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Spiralized Pickled Golden Beets with Ginger

I bought a spiralizer three years ago and while I enjoy the novelty of vegetables cut into shapes other than that which I can achieve with a knife, I can’t quite convince myself that long strands of zucchini or eggplant are actually noodles. Still, I find that it has a place in my overstuffed kitchen, if for no other reason that it is fun (and sometimes that is enough).

I first made these spiralized pickled golden beets a little over a year ago and they are one of my favorite things to add to soba noodle salads or heap on top of an Ak-Mak cracker spread with fresh ricotta cheese (I realize that’s an oddly specific application, but darn if it isn’t delicious).

You can certainly make these pickles without having a spiralizer at your disposal, but it does lend a bouncy, curly-fry spring to the finished pickle, which I enjoy. Without a spiralizer, you’d just cut the raw beets into thin slices and then cut those slices into narrow matchsticks (a mandoline would help with this, though I find that they are a little iffy with dense vegetables like raw beets).

The most important thing when making these pickles is to strive for thin cuts. The only cooking that the beets receive is a short simmer in the brine, so in order to keep them from being aggressively crunchy, you need to aim for narrow matchsticks or curls.

I make these pickles with an assertive volume of ginger, which I find both boosts and balances the earthiness of the beets. I tried spiralizing the ginger for one batch, and found that it didn’t do a good enough job of distributing the ginger throughout the jar of pickled beets. Instead, every so often, I’d take a bite expecting beet and get a mouth full of *ginger* instead. While not exactly unpleasant, it wasn’t what I was aiming for. A fine dice works better.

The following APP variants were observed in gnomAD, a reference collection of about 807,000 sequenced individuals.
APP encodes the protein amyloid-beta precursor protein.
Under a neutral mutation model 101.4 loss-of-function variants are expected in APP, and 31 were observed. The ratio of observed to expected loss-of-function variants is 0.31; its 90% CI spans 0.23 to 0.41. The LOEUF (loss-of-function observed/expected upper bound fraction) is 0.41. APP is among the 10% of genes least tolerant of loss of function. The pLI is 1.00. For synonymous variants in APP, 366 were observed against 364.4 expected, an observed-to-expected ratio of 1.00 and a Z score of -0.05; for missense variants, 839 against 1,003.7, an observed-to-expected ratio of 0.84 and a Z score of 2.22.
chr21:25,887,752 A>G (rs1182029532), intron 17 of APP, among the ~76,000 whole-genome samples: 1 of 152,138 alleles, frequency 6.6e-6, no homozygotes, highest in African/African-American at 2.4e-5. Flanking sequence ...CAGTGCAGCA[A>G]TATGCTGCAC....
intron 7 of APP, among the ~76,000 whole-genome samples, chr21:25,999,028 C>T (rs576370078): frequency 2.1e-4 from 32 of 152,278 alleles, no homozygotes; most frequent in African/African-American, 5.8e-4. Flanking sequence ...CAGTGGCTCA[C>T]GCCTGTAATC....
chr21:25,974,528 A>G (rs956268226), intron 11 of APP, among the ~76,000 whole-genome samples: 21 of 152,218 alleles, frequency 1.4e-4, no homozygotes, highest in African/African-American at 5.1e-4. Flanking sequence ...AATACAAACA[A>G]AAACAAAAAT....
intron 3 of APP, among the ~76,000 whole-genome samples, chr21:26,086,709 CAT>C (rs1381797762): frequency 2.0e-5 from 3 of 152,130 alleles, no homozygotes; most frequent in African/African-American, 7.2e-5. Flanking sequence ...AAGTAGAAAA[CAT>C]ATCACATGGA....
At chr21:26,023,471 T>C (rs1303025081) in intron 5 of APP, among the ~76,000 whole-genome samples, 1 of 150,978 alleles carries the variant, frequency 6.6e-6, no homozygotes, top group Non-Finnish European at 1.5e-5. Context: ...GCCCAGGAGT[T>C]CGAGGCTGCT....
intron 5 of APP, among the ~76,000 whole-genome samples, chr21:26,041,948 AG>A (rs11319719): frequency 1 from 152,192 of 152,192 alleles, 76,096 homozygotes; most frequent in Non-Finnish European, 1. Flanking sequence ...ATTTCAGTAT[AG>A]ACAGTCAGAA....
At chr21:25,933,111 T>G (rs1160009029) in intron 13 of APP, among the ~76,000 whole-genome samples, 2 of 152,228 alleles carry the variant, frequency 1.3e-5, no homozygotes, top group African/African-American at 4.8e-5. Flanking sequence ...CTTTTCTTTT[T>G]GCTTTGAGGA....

I make these pickles to keep in the fridge, because I find that I like the texture best, and it also means that I don’t have to use quite as much vinegar, rendering them a bit more mellow. They do fade over time, so if you can’t abide still delicious, but slightly grey pickles, make them in smaller batches or eat them quickly.

I’m curious if you guys are using spiralizers to prep vegetables for pickling. Any experiences you’d like to share?

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Hot Pepper Hoagie Relish

Regular Food in Jars contributor Alex Jones drops in this week with a recipe for sweet and spicy pepper hoagie relish (for those of you not in the Philadelphia region, hoagies are our version of a sub sandwich). I can imagine lots of delicious ways to serve up this spread! -Marisa

Egg sandwich with hoagie relish

As a kid, I was weird about sandwiches. I didn’t like mayo, and I didn’t like tomatoes. My sandwich of choice in middle school was wheat bread, yellow mustard, and Tofurky slices, with nothing else.

Fast forward 20 years and my tastes have changed — partially, I suspect, because I now live in a city with a strong sandwich culture. Hoagies, whether you get them from Wawa or the corner store, are standard fare here in Philly.

And while I’ll still pick off (or ask my sandwich artist to omit) slices of sad, pink, industrial tomato from my sandwiches, I’ve come to appreciate the components of a good hoagie: slices of tender turkey and cheddar cheese, sweet onion, a ruffle of lettuce, just the right amount of tangy mayo. And those juicy sweet and hot peppers, which add a ton of flavor and set off the other ingredients perfectly.

When a whirlwind of late summer travel meant that I had three weeks’ worth of sweet and hot peppers from my Taproot Farm vegetable CSA stashed in the fridge, I knew I wanted to make something that would help recreate my typical sandwich order without walking the 200 feet to my corner deli.

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Indiana Peach Chutney Recipe

A vintage recipe updated for modern palates and kitchens, this take on Indiana Peach Chutney is a little spicy, perfectly sweet, and is ideal for preserving peach season.

Six jars of Indiana Peach Chutney

I woke up Sunday morning, itching to get rid of some cookbooks. At least once a year, I like to sort through my absurdly large collection and move some things along. My criteria for letting go of books is pretty simple (if a little haphazard).

If I’ve never cooked from it, I pull it from the shelf and flip through. If nothing strikes my fancy, it goes in the outward bound stack. If spot something that tickles my culinary creativity, I drop a marker in the book and either put it back on the shelf or, if it’s something I want to make in the immediate future, I put the book on my desk.